Welfare to work: training, benefits, un/employment and social justice
Brine, J. (2011) Welfare to work: training, benefits, un/employment and social justice. In: Jackson, S., ed. (2011) Lifelong learning and social justice: communities, work and identities in a globalised world. Leicester: NIACE. ISBN 9781862014541 Available from: http://eprints.uwe.ac.uk/12252
Full text not available from this repository
Publisher's URL: http://shop.niace.org.uk/lifelong-learning-social-...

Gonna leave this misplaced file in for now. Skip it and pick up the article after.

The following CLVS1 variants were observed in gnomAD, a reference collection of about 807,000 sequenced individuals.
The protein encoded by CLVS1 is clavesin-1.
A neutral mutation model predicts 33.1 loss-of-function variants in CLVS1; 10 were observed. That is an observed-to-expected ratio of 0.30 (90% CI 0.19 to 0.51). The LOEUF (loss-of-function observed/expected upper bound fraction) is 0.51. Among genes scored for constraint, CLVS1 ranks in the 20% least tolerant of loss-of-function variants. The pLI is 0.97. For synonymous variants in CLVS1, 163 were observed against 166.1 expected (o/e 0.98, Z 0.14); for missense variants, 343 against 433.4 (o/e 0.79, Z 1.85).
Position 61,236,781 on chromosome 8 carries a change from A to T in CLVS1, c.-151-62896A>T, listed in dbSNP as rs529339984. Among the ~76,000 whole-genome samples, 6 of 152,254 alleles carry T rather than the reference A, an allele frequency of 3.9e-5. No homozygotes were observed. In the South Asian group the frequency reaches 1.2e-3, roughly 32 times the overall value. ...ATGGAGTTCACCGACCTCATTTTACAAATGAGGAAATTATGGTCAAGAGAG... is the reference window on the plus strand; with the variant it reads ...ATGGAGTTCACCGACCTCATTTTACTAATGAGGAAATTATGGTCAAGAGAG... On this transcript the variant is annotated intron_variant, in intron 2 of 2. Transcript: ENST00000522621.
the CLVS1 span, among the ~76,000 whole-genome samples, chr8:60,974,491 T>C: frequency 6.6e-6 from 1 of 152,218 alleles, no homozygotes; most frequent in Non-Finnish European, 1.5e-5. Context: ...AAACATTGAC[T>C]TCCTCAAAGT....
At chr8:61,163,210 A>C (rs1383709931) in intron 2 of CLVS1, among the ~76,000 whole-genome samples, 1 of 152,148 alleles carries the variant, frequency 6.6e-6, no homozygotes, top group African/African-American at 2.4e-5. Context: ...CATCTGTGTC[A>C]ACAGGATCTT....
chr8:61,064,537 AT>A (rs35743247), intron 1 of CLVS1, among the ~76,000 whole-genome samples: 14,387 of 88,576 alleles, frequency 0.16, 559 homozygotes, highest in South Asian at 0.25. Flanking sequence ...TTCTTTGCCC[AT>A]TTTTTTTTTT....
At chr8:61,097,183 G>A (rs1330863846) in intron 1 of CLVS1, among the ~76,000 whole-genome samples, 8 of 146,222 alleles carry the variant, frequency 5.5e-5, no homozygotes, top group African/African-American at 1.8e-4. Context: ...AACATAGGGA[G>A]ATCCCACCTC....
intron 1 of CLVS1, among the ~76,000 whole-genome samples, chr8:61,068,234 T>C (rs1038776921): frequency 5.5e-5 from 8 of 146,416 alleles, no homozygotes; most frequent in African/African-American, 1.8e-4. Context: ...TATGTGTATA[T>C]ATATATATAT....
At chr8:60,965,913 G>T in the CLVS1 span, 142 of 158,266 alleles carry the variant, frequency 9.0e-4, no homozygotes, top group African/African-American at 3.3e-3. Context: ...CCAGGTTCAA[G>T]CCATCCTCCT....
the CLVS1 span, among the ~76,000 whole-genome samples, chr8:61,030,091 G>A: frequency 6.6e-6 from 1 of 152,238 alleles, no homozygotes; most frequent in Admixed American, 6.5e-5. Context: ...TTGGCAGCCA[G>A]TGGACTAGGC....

This chapter explores a specific aspect of lifelong learning, of 'skills and training', of lifelong learning linked to economic participation through the employment market - or more accurately, to the underbelly of the employment market, to the 'unemployed', and most recently to those identified as 'economically inactive'. I focus here on 'lifelong learners' who through their prolonged unemployment or 'economic inactivity' are given 'opportunities' to participate in training and basic skills programmes. The chapter is located at the interface of active labour market policies, welfare reforms and lifelong learning that impact directly on what are arguably the most vulnerable members of society - those with chronic illness or disabilities. The discussion is underpinned by theories of social justice, particularly those related to distribution of resources, constructions of disadvantage and a return to the concept of the deserving and undeserving poor. The chapter is based on original research focused on close analysis of the UK Labour government's sequence of 'welfare-to-work' papers published between 2006 and 2009. The chapter ends with the immediate post-election Liberal-Conservative Coalition statement of 12 May 2010.